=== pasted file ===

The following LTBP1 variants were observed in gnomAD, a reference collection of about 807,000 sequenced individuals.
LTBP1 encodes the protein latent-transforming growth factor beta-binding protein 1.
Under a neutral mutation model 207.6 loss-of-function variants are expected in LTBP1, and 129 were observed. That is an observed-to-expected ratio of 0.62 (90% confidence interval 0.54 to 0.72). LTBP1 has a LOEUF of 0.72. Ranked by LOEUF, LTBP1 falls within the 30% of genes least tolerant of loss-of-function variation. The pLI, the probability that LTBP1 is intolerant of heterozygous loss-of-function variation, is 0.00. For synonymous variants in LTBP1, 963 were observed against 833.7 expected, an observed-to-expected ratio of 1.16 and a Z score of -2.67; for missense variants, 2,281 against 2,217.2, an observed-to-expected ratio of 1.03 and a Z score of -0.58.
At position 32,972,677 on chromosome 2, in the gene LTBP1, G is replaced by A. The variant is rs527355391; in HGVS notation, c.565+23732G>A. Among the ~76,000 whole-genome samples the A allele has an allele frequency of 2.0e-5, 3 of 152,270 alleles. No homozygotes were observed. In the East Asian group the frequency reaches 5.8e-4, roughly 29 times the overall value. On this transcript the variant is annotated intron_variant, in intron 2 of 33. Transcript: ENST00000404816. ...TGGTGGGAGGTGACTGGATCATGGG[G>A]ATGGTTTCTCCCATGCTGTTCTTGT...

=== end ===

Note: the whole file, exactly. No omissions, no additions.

The following LTBP1 variants were observed in gnomAD, a reference collection of about 807,000 sequenced individuals.
LTBP1 encodes the protein latent-transforming growth factor beta-binding protein 1.
Under a neutral mutation model 207.6 loss-of-function variants are expected in LTBP1, and 129 were observed. That is an observed-to-expected ratio of 0.62 (90% confidence interval 0.54 to 0.72). LTBP1 has a LOEUF of 0.72. Ranked by LOEUF, LTBP1 falls within the 30% of genes least tolerant of loss-of-function variation. The pLI, the probability that LTBP1 is intolerant of heterozygous loss-of-function variation, is 0.00. For synonymous variants in LTBP1, 963 were observed against 833.7 expected, an observed-to-expected ratio of 1.16 and a Z score of -2.67; for missense variants, 2,281 against 2,217.2, an observed-to-expected ratio of 1.03 and a Z score of -0.58.
At position 32,972,677 on chromosome 2, in the gene LTBP1, G is replaced by A. The variant is rs527355391; in HGVS notation, c.565+23732G>A. Among the ~76,000 whole-genome samples the A allele has an allele frequency of 2.0e-5, 3 of 152,270 alleles. No homozygotes were observed. In the East Asian group the frequency reaches 5.8e-4, roughly 29 times the overall value. On this transcript the variant is annotated intron_variant, in intron 2 of 33. Transcript: ENST00000404816. ...TGGTGGGAGGTGACTGGATCATGGG[G>A]ATGGTTTCTCCCATGCTGTTCTTGT...